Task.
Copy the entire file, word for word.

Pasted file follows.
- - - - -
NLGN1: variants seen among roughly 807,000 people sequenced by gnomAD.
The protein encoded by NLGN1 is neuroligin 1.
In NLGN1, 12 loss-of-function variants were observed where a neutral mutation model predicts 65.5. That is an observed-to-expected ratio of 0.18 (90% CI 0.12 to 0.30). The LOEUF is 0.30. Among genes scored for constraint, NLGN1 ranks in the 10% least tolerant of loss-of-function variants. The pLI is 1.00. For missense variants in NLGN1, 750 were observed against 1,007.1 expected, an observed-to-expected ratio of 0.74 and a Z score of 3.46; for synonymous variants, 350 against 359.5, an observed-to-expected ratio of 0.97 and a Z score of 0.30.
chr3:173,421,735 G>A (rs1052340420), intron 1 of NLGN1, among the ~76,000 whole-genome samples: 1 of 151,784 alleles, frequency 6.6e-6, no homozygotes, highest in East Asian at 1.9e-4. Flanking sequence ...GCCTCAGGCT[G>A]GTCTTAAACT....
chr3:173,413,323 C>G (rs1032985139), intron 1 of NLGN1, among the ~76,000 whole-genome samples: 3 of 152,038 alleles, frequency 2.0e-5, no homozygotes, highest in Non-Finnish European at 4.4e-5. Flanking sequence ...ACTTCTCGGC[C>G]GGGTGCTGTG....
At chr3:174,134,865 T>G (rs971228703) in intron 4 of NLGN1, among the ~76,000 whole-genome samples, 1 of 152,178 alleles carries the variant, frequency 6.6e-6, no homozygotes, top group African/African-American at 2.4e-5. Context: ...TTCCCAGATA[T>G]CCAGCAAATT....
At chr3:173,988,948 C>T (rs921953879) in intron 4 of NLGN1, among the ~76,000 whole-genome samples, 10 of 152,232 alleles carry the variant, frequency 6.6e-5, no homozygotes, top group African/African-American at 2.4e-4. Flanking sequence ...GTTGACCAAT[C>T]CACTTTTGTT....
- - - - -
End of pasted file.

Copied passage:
NLGN1: variants seen among roughly 807,000 people sequenced by gnomAD.
The protein encoded by NLGN1 is neuroligin 1.
In NLGN1, 12 loss-of-function variants were observed where a neutral mutation model predicts 65.5. That is an observed-to-expected ratio of 0.18 (90% CI 0.12 to 0.30). The LOEUF is 0.30. Among genes scored for constraint, NLGN1 ranks in the 10% least tolerant of loss-of-function variants. The pLI is 1.00. For missense variants in NLGN1, 750 were observed against 1,007.1 expected, an observed-to-expected ratio of 0.74 and a Z score of 3.46; for synonymous variants, 350 against 359.5, an observed-to-expected ratio of 0.97 and a Z score of 0.30.
chr3:173,421,735 G>A (rs1052340420), intron 1 of NLGN1, among the ~76,000 whole-genome samples: 1 of 151,784 alleles, frequency 6.6e-6, no homozygotes, highest in East Asian at 1.9e-4. Flanking sequence ...GCCTCAGGCT[G>A]GTCTTAAACT....
chr3:173,413,323 C>G (rs1032985139), intron 1 of NLGN1, among the ~76,000 whole-genome samples: 3 of 152,038 alleles, frequency 2.0e-5, no homozygotes, highest in Non-Finnish European at 4.4e-5. Flanking sequence ...ACTTCTCGGC[C>G]GGGTGCTGTG....
At chr3:174,134,865 T>G (rs971228703) in intron 4 of NLGN1, among the ~76,000 whole-genome samples, 1 of 152,178 alleles carries the variant, frequency 6.6e-6, no homozygotes, top group African/African-American at 2.4e-5. Context: ...TTCCCAGATA[T>G]CCAGCAAATT....
At chr3:173,988,948 C>T (rs921953879) in intron 4 of NLGN1, among the ~76,000 whole-genome samples, 10 of 152,232 alleles carry the variant, frequency 6.6e-5, no homozygotes, top group African/African-American at 2.4e-4. Flanking sequence ...GTTGACCAAT[C>T]CACTTTTGTT....